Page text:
Solved

Move my exchange store

Posted on 2011-03-17
11
276 Views
Last Modified: 2012-05-11
I currently have a small business server 2003 running exchange.  I am running out of disk space and need a rather quick fix.  My server has a RAID array consisting of 3 SCSI drives.  My server has 6 SATA ports of which none are being used.  My thoughts are to take a 500GB SATA drive and install it in the server.  Most of the space on the server is being consumed by exchange data.  How can I move my exchange data to the new drive?
0
Comment
Question by:EagleCrusher
[X]
Welcome to Experts Exchange

Add your voice to the tech community where 5M+ people just like you are talking about what matters.

  • Help others & share knowledge
  • Earn cash & points
  • Learn & ask questions
11 Comments
 
LVL 7

Expert Comment

by:waleeda
ID: 35159565
dismount the database and from the exchange management console change the database path, means move the database file and change the path to look at the new location then mount the database
0
 
LVL 6

Expert Comment

by:dave_it
ID: 35159567
Dismount the databases, and then move them to the new drive.  Then, in Exchange System Manager, right-click on each database you moved, select Properties, and then browse to their new location.
0
 
LVL 7

Expert Comment

by:waleeda
ID: 35159578
my answer was faster :)
0
Free eBook: Backup on AWS

Everything you need to know about backup and disaster recovery with AWS, for FREE!

 

Author Comment

by:EagleCrusher
ID: 35159597
By moving the database, do you simply mean moving it via windows explorer, drag and drop.  After dismounting of course.
0
 
LVL 7

Expert Comment

by:waleeda
ID: 35159610
actually if you change the path the exchange management console it will automatic move it, but its better if you can move it by copying it first and then you can delete the old one, i mean you will have a copy as a backup, you can use if somthing goes wrong
0
 

Author Comment

by:EagleCrusher
ID: 35159830
OK ... Now that I start poking around some based on some of your instructions above.  I notice that I can free a ton of space if I can get rid of some old transaction logs.  Is it safe to just manually delete some of them that are over a year old?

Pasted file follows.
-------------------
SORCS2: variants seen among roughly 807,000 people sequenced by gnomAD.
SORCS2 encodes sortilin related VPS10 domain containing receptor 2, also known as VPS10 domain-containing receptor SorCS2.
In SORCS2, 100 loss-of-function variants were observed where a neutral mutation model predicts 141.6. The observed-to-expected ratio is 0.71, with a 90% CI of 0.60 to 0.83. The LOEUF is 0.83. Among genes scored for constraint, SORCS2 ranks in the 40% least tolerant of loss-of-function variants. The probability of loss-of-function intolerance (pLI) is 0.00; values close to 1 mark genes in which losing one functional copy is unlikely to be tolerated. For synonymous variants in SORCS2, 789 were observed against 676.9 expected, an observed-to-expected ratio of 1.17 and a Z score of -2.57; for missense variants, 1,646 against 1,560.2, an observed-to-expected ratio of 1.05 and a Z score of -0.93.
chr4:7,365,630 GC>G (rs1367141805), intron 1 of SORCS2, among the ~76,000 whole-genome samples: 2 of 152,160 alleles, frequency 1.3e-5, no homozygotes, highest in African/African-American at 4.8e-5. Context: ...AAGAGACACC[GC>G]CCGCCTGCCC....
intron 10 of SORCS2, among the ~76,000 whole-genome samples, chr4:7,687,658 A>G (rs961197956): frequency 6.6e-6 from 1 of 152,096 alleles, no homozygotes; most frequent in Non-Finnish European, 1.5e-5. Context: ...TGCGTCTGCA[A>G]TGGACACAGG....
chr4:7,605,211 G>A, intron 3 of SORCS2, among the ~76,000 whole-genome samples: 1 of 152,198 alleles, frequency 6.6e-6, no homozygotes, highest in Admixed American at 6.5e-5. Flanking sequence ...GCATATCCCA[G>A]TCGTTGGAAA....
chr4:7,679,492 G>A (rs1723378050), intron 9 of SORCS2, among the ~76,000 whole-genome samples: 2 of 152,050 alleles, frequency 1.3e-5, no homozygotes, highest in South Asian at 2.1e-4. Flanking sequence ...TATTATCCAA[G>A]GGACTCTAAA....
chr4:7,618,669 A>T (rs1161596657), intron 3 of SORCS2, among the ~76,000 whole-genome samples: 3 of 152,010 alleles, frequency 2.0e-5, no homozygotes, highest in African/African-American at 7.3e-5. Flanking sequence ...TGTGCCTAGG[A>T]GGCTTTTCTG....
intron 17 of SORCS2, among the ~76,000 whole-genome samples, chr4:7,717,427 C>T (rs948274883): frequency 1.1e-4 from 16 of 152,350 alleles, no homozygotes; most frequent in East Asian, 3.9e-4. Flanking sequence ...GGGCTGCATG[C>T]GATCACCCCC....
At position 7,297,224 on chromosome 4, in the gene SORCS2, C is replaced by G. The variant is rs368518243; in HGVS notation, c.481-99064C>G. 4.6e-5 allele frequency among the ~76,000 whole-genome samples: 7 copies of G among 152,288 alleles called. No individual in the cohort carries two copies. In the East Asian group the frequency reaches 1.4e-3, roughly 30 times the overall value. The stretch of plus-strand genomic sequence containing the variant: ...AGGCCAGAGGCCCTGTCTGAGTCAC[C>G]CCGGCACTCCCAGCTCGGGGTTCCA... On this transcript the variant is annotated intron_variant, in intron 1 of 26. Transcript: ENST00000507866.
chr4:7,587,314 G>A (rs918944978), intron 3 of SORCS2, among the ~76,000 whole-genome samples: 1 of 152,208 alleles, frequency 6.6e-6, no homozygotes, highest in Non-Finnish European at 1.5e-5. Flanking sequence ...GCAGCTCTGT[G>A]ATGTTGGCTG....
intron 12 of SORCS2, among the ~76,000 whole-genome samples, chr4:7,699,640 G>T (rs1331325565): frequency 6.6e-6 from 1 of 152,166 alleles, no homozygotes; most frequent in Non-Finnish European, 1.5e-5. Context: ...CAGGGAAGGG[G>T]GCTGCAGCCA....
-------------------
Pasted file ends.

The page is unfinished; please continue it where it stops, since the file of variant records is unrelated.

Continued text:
0
 
LVL 7

Expert Comment

by:waleeda
ID: 35160091
Are you talking full backup of your databases?
0
 

Author Comment

by:EagleCrusher
ID: 35160123
I'm talking can I just delete them in windows explorer if they are from 2009?
0
 
LVL 7

Accepted Solution

by:
waleeda earned 500 total points
ID: 35160152
Not sure, because I don't know what in your backup strategy, full backup or incremental or what
Better if you have the space just move the database
0
 

Author Closing Comment

by:EagleCrusher
ID: 35182846
This didn't resolve my question directly but pointed me in the right direction to solve my issue.  Learned that depending on the type of backup the logs get deleted using ntbackup.  Since the backup, my logs are cleaned up and now I do not need to move my database to another drive.  Thanks!
0

Featured Post

Instantly Create Instructional Tutorials

Contextual Guidance at the moment of need helps your employees adopt to new software or processes instantly. Boost knowledge retention and employee engagement step-by-step with one easy solution.

Question has a verified solution.

If you are experiencing a similar issue, please ask a related question

This article aims to explain the working of CircularLogArchiver. This tool was designed to solve the buildup of log file in cases where systems do not support circular logging or where circular logging is not enabled
After hours on line I found a solution which pointed to the inherited Active Directory permissions . You have to give/allow permissions to the "Exchange trusted subsystem" for the user in the Active Directory...
In this Micro Video tutorial you will learn the basics about Database Availability Groups and How to configure one using a live Exchange Server Environment. The video tutorial explains the basics of the Exchange server Database Availability grou…
The video tutorial explains the basics of the Exchange server Database Availability groups. The components of this video include: 1. Automatic Failover 2. Failover Clustering 3. Active Manager

707 members asked questions and received personalized solutions in the past 7 days.

Join the community of 500,000 technology professionals and ask your questions.

Join & Ask a Question